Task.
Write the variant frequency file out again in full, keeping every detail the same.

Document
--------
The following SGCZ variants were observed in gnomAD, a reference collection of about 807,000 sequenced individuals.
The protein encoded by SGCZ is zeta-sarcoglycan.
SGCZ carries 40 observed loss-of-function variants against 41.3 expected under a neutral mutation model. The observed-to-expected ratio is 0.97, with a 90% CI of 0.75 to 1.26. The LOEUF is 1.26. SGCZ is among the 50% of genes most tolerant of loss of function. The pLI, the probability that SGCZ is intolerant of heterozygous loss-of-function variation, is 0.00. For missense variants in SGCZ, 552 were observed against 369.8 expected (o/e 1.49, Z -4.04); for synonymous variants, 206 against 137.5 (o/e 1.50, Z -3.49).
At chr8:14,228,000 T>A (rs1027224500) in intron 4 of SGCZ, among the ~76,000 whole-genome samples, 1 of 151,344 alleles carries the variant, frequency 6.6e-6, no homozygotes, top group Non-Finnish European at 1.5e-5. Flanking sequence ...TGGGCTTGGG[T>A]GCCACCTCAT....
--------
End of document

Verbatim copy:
The following SGCZ variants were observed in gnomAD, a reference collection of about 807,000 sequenced individuals.
The protein encoded by SGCZ is zeta-sarcoglycan.
SGCZ carries 40 observed loss-of-function variants against 41.3 expected under a neutral mutation model. The observed-to-expected ratio is 0.97, with a 90% CI of 0.75 to 1.26. The LOEUF is 1.26. SGCZ is among the 50% of genes most tolerant of loss of function. The pLI, the probability that SGCZ is intolerant of heterozygous loss-of-function variation, is 0.00. For missense variants in SGCZ, 552 were observed against 369.8 expected (o/e 1.49, Z -4.04); for synonymous variants, 206 against 137.5 (o/e 1.50, Z -3.49).
At chr8:14,228,000 T>A (rs1027224500) in intron 4 of SGCZ, among the ~76,000 whole-genome samples, 1 of 151,344 alleles carries the variant, frequency 6.6e-6, no homozygotes, top group Non-Finnish European at 1.5e-5. Flanking sequence ...TGGGCTTGGG[T>A]GCCACCTCAT....